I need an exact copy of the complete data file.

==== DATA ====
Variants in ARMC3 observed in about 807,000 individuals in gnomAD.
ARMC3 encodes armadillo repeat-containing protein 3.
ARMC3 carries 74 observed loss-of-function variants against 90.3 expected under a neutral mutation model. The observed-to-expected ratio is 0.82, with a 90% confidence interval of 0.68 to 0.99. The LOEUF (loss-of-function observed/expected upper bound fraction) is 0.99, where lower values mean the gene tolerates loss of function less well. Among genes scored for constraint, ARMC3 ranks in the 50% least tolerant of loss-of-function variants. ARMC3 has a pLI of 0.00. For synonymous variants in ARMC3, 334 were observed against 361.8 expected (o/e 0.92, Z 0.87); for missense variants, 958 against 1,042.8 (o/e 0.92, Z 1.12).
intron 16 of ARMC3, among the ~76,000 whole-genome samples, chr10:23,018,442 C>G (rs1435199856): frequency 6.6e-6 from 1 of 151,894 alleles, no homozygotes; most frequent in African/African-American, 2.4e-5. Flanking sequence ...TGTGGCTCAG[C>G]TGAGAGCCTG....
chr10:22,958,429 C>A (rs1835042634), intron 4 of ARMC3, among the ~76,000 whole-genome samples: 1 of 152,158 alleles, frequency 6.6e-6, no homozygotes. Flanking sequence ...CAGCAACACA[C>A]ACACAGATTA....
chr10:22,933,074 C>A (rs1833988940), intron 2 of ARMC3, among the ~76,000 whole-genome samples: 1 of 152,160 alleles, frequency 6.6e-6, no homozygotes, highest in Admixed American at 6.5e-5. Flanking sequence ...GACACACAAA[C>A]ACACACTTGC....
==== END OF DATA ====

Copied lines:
Variants in ARMC3 observed in about 807,000 individuals in gnomAD.
ARMC3 encodes armadillo repeat-containing protein 3.
ARMC3 carries 74 observed loss-of-function variants against 90.3 expected under a neutral mutation model. The observed-to-expected ratio is 0.82, with a 90% confidence interval of 0.68 to 0.99. The LOEUF (loss-of-function observed/expected upper bound fraction) is 0.99, where lower values mean the gene tolerates loss of function less well. Among genes scored for constraint, ARMC3 ranks in the 50% least tolerant of loss-of-function variants. ARMC3 has a pLI of 0.00. For synonymous variants in ARMC3, 334 were observed against 361.8 expected (o/e 0.92, Z 0.87); for missense variants, 958 against 1,042.8 (o/e 0.92, Z 1.12).
intron 16 of ARMC3, among the ~76,000 whole-genome samples, chr10:23,018,442 C>G (rs1435199856): frequency 6.6e-6 from 1 of 151,894 alleles, no homozygotes; most frequent in African/African-American, 2.4e-5. Flanking sequence ...TGTGGCTCAG[C>G]TGAGAGCCTG....
chr10:22,958,429 C>A (rs1835042634), intron 4 of ARMC3, among the ~76,000 whole-genome samples: 1 of 152,158 alleles, frequency 6.6e-6, no homozygotes. Flanking sequence ...CAGCAACACA[C>A]ACACAGATTA....
chr10:22,933,074 C>A (rs1833988940), intron 2 of ARMC3, among the ~76,000 whole-genome samples: 1 of 152,160 alleles, frequency 6.6e-6, no homozygotes, highest in Admixed American at 6.5e-5. Flanking sequence ...GACACACAAA[C>A]ACACACTTGC....